Wednesday 16 Apr

Odyssey of the mind

Jacob Fred Jazz Odyssey 

with Culture Cinematic and ADDverse Effects

9 p.m. Friday

Twisted Root Gallery

3012 N. Walker Ave.



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Saddle up

Horse Thief with Deerpeople and Pageantry

8:30 p.m. Friday

ACM@UCO Performance Lab

329 E. Sheridan Ave.



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High heaven

Glow God with Weed, Feral Future and Power Pyramid

7 p.m. Friday

Capitol House


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Darkened tones

Chevelle with Nothing More and Middle Class Rut

6:30 p.m. Monday

Diamond Ballroom

8001 S. Eastern Ave.



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Sporting goods

Bad Sports with Lotta Tuff, Community Pools and Trash Pops

10 p.m. Friday

VZD’s Restaurant & Club

4200 N. Western Ave.



04/09/2014 | Comments 0
Home · Articles · CDs · Eclectic · The Rum Fellows - Okie Maritime...

The Rum Fellows - Okie Maritime Music For the Landlocked Pirate

None October 8th, 2009


With nary a sea in sight, The Rum Fellows still set sail. On deck with the Norman pirate septet: singer/guitarist Charley Reeves, fiddle player Kent Graber, banjo player Dan Edwards, mandolin player Randy Lewis, bassist Jeff Richardson, percussionist Doyle Dodd and concertina player Amber Vallee' all quick to abandon posts for a swim in the drink, or at least to dip their mugs in it.

"Okie Maritime Music for the Landlocked Pirate" is a ridiculous and contagious mix of originals, covers and instrumentals, presented with equal amounts of grog and precision musicianship.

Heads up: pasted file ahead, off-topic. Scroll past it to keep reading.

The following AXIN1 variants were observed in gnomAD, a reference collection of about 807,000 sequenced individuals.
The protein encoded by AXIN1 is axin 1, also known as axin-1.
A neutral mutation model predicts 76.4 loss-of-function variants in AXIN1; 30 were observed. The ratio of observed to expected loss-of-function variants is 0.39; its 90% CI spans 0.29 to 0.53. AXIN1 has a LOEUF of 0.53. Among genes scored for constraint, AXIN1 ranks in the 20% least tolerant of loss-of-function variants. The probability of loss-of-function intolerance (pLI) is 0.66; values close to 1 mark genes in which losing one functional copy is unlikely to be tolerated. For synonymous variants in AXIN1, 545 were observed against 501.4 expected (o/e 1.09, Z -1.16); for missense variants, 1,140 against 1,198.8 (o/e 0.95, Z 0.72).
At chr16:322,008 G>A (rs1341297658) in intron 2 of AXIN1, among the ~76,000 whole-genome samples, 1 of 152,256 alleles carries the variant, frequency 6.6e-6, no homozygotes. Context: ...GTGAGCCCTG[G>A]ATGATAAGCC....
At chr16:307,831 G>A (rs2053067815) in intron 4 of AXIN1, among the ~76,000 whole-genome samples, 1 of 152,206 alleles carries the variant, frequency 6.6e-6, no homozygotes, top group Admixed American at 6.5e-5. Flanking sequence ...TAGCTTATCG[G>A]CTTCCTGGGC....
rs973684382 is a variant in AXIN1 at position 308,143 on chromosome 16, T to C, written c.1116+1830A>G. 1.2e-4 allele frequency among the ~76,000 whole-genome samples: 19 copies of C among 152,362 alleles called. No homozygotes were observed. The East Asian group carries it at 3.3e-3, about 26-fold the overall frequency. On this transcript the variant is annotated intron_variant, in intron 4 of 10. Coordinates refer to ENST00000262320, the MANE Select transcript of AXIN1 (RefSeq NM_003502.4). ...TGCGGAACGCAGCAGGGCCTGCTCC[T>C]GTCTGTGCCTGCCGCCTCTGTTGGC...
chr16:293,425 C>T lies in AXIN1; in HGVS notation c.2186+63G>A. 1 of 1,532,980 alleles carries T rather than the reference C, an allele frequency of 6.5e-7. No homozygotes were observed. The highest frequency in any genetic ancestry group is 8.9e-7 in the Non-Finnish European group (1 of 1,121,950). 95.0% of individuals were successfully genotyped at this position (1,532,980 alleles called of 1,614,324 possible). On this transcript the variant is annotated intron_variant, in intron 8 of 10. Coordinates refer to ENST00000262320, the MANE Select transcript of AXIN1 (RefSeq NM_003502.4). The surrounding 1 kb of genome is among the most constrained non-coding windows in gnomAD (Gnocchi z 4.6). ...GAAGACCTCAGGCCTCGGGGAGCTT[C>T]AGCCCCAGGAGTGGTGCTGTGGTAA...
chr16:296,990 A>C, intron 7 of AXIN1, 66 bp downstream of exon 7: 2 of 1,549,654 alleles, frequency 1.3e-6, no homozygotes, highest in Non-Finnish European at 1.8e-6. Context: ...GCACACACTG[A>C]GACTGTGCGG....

The album was tracked in Norman with Chris Harris at his Hook Echo Sound studio and Trent Bell's Bell Labs Recording Studio, and has the live, communal sound one expects from a pack of pirates.

The shanties are almost always addled. Nautical classic "Drunken Sailor" is delivered atop a washboard backbeat and tacked to a mast held in place with rollicking banjos and mandolins. Deeper in the bottle, the slower "Old Keg of Rum" has the pirates staggering as they gather to find and tap the bunghole of a beckoning barrel.

One of the originals, an instrumental entitled "Dog That Bit Ya," starts slow, but speeds at the lead of a swirling fiddle, which yields to the banjo and mandolin near the end, when the song reaches full clip. The musicians commandeer "Oklahoma Hills" for a fun tribute to fellow seaman Woody Guthrie, turning in an album highlight that Woody probably would have loved.

Silly and serious fun, The Rum Fellows can sway even the soberest of sailors. "Okie Maritime Music" is worth a spin and will carry any spinnaker."”Joe Wertz

  • Currently 3.5/5 Stars.
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